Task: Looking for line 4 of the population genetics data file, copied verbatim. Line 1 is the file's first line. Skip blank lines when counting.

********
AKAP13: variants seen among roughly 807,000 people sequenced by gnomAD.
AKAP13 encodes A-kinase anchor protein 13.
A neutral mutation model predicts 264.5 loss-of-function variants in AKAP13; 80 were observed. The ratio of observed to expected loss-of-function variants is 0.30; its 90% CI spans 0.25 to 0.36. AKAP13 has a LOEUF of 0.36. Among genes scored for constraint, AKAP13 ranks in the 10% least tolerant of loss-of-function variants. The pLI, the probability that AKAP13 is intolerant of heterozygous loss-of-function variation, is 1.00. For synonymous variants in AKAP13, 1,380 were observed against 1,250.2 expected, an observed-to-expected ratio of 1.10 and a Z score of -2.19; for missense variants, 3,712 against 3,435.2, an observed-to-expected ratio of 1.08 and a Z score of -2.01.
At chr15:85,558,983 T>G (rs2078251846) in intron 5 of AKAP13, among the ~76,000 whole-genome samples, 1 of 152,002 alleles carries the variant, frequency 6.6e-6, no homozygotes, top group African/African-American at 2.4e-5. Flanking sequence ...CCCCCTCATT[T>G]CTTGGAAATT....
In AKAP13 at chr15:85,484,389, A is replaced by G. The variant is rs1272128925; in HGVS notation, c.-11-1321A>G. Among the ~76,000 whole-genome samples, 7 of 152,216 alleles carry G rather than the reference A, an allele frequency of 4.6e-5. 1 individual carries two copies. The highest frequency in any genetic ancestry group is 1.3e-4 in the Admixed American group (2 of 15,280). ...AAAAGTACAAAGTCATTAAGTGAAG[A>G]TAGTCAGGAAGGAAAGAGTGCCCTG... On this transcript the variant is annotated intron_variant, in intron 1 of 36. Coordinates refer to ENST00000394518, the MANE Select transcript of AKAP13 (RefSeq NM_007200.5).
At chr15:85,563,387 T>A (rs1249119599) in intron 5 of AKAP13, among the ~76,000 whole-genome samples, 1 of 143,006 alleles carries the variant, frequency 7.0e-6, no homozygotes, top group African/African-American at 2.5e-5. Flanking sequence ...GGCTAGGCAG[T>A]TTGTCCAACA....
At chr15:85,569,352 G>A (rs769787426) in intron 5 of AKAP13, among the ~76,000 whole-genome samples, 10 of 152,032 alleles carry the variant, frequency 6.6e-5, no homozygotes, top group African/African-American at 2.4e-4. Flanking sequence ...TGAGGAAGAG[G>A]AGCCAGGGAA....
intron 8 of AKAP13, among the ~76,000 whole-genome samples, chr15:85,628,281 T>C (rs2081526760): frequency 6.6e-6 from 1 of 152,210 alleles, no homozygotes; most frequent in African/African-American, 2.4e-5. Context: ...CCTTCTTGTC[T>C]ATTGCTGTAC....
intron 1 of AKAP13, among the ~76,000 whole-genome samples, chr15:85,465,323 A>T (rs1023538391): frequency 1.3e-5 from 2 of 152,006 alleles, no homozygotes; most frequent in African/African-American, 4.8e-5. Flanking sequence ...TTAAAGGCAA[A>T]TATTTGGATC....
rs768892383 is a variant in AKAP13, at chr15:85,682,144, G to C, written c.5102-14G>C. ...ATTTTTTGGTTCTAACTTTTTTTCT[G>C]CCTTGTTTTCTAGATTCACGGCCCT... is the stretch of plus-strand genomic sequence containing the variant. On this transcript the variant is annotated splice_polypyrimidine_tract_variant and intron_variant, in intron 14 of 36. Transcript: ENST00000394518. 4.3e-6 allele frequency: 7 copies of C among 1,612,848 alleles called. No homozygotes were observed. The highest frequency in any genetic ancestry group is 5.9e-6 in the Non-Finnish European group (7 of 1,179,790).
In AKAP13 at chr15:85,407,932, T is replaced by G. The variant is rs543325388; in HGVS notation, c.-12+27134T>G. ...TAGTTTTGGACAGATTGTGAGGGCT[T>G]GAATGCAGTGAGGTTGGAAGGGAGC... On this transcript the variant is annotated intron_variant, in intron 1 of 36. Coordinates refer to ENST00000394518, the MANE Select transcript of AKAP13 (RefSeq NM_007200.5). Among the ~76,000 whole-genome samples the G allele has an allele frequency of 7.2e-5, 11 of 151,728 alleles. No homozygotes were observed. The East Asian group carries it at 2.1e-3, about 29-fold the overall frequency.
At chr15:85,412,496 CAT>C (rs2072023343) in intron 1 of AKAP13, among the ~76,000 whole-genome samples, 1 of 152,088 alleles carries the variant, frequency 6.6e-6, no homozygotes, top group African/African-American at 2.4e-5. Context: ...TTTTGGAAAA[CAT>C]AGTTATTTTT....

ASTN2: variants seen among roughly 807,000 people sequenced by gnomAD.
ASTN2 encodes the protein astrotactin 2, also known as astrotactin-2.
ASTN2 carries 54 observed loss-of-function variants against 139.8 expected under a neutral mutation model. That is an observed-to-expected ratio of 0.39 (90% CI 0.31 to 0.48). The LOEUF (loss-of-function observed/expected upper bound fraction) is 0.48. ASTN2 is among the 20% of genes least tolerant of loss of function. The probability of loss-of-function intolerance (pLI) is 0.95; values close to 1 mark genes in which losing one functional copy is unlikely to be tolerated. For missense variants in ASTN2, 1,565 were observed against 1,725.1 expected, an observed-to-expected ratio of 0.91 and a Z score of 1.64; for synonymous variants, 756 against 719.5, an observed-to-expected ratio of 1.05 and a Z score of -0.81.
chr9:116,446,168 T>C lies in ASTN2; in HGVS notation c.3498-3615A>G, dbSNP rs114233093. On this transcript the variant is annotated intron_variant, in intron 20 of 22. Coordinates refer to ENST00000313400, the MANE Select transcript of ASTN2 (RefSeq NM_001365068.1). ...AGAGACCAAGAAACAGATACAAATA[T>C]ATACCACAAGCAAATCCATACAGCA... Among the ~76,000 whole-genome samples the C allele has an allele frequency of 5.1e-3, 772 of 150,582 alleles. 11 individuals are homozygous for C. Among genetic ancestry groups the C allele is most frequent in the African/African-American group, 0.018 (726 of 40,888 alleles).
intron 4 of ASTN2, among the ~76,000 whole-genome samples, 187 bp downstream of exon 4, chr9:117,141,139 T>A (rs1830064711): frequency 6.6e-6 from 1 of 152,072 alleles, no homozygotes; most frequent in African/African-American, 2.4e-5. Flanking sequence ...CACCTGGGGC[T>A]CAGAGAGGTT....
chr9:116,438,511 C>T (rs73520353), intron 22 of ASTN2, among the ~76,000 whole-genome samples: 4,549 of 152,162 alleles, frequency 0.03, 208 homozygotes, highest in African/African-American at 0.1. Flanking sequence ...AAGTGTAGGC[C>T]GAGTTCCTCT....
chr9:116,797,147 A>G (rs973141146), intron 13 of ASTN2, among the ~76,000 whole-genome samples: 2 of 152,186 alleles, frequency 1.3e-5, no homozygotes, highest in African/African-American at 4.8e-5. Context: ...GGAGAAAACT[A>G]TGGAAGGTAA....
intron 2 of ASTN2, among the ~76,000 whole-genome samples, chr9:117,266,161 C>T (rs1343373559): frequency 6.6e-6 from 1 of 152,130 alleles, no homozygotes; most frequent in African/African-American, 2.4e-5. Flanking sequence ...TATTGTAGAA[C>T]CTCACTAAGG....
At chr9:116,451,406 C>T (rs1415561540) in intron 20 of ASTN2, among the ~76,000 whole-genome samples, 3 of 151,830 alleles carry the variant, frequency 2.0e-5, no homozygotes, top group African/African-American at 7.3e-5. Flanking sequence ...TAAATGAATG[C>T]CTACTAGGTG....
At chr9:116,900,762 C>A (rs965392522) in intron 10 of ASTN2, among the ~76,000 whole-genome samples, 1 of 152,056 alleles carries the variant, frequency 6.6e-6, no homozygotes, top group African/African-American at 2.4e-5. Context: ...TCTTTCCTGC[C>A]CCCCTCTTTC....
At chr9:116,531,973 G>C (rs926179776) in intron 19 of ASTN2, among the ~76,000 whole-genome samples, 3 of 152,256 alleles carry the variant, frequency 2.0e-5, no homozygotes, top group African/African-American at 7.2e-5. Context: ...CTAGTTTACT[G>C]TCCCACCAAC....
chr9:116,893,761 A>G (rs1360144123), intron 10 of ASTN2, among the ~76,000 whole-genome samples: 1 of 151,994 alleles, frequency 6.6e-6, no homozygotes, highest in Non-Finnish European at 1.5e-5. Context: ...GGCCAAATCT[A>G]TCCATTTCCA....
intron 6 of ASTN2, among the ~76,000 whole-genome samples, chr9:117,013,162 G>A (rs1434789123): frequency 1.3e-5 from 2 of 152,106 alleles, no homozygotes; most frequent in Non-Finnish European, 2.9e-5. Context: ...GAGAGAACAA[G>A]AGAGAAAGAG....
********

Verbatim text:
At chr15:85,558,983 T>G (rs2078251846) in intron 5 of AKAP13, among the ~76,000 whole-genome samples, 1 of 152,002 alleles carries the variant, frequency 6.6e-6, no homozygotes, top group African/African-American at 2.4e-5. Flanking sequence ...CCCCCTCATT[T>G]CTTGGAAATT....